One of the key principles of Chinese thought is the duality of yin and yang. Stemming from Taoist philosophy, this principle is embedded in Chinese culture, from traditional medicine to martial arts to food. Read on to learn what that means for the balance of flavors, ingredients and cooking techniques that go into an authentic Chinese meal.
The concept of yin and yang states that everything in the universe is composed of two opposing but complementary forces. Everything that is yin necessarily has a corresponding yang, such as night and day, or hot and cold.
Things that are said to contain a lot of yang energy tend to be warm, strong, masculine and bright, whilst yin is associated with things that are feminine, cool, soft and dark. However, it’s important to note that both yin and yang are present in everything. When we say something is yin or something is yang, we mean it in relative terms. Nothing is purely yin, or purely yang.
Some foods are considered primarily yin, or cooling, while others are primarily yang, or warming, while still others are composed of a harmonious balance of yin and yang. Chinese people believe that it’s important to balance the yin and yang of the body, which can be achieved through eating the right foods.
Yang foods tend to be sweet, spicy or pungent, and have warm colors such as red or orange. Often, they are dry and come from the soil. Some examples include potatoes, papaya, chilli peppers and lamb meat.
In contrast, yin foods are bitter or salty, generally have a higher moisture content, and tend to be green or cool-toned in color. Foods grown in the water tend to be yin foods. Examples include cucumber, tofu, lotus and soy sauce.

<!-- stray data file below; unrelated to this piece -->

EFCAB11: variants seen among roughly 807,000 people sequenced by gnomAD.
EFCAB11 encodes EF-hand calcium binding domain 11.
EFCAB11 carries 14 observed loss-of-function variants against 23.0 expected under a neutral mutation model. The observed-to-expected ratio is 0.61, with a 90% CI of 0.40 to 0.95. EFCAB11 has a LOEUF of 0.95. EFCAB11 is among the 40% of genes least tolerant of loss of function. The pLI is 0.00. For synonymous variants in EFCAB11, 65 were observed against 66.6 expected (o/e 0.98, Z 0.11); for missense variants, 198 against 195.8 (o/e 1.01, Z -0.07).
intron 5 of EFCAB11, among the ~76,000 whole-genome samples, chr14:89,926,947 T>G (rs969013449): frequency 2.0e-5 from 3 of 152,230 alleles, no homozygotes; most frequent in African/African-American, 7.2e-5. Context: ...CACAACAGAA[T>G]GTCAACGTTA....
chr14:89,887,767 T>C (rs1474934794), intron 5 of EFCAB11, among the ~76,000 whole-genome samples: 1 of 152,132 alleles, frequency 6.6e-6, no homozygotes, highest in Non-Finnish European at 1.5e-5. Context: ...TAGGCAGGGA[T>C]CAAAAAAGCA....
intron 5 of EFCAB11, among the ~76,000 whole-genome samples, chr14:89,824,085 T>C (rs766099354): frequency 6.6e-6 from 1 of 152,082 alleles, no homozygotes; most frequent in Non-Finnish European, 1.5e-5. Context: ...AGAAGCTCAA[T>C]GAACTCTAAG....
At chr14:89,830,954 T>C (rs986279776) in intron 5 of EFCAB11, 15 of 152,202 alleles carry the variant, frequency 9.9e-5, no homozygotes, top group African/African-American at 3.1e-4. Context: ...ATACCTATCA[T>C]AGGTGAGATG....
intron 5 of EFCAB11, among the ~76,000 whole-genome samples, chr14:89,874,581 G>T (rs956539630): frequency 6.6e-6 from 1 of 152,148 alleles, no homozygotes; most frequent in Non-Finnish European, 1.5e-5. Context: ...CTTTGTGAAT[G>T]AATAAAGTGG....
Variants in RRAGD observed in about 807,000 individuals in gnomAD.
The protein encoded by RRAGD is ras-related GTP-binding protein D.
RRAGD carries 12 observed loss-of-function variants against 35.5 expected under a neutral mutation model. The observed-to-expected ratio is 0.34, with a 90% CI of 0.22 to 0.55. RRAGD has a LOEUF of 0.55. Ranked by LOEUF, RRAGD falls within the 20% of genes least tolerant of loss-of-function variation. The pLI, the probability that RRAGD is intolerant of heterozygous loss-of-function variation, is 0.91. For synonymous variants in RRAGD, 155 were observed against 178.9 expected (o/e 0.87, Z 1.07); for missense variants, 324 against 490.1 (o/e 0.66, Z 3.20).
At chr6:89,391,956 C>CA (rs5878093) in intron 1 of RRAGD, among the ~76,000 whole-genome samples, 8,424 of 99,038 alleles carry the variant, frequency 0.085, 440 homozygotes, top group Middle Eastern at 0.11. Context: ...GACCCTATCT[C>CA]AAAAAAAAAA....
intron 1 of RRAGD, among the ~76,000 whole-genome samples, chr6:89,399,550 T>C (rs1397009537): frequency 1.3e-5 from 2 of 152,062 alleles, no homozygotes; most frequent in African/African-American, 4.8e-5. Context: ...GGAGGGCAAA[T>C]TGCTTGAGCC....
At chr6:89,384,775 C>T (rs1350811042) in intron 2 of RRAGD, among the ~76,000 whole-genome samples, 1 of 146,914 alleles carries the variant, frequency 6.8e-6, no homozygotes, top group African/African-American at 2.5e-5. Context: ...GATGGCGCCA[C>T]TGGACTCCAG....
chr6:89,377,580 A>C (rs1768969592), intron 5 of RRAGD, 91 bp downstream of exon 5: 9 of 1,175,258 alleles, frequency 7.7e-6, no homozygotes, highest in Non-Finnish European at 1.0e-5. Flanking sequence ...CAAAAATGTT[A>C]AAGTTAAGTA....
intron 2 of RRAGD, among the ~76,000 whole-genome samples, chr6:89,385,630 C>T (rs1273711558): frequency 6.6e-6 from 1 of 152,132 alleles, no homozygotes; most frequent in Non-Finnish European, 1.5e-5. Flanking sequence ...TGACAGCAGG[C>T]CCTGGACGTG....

In addition, different cooking methods also have yin and yang associations. Frying and roasting are considered yang, whereas boiling and steaming are yin.
According to traditional Chinese medicine, one’s spiritual, physical and emotional well-being are all regulated by the balance of yin and yang in the body. A deficiency or excess of yin or yang throws the body off kilter, leading to bodily and spiritual ailments.
As such, it’s important maintain a balanced diet, and to eat the right foods at the right time of year. For instance, having a cold is associated with an excess of yin, and can be alleviated by restoring the yang of the body. In addition, Chinese people eat refreshing, watery yin foods to fend off the intense yang of summer, whereas they warm up the body with yang foods in the winter.
A Chinese meal is centered around the concept of balance. The different ingredients work together to achieve a balance in flavor (sweet, sour, spicy, bitter and salty), texture and cooking styles. A good mix of vegetable, meat and starch (rice or noodles) is crucial. Dry dishes, such as a spicy stir-fry, should be complemented by a congee or a soup. A Chinese chef will even pay attention to the balance of colors in the meal. For example, diced meat should be accompanied by vegetables with a contrasting color, such as bell peppers or scallions.
In addition, Chinese people dine communally by sharing dishes, making it easier to eat a range of foods. Because each meal is diverse and balanced, authentic Chinese food is one of the most filling and healthy cuisines in the world.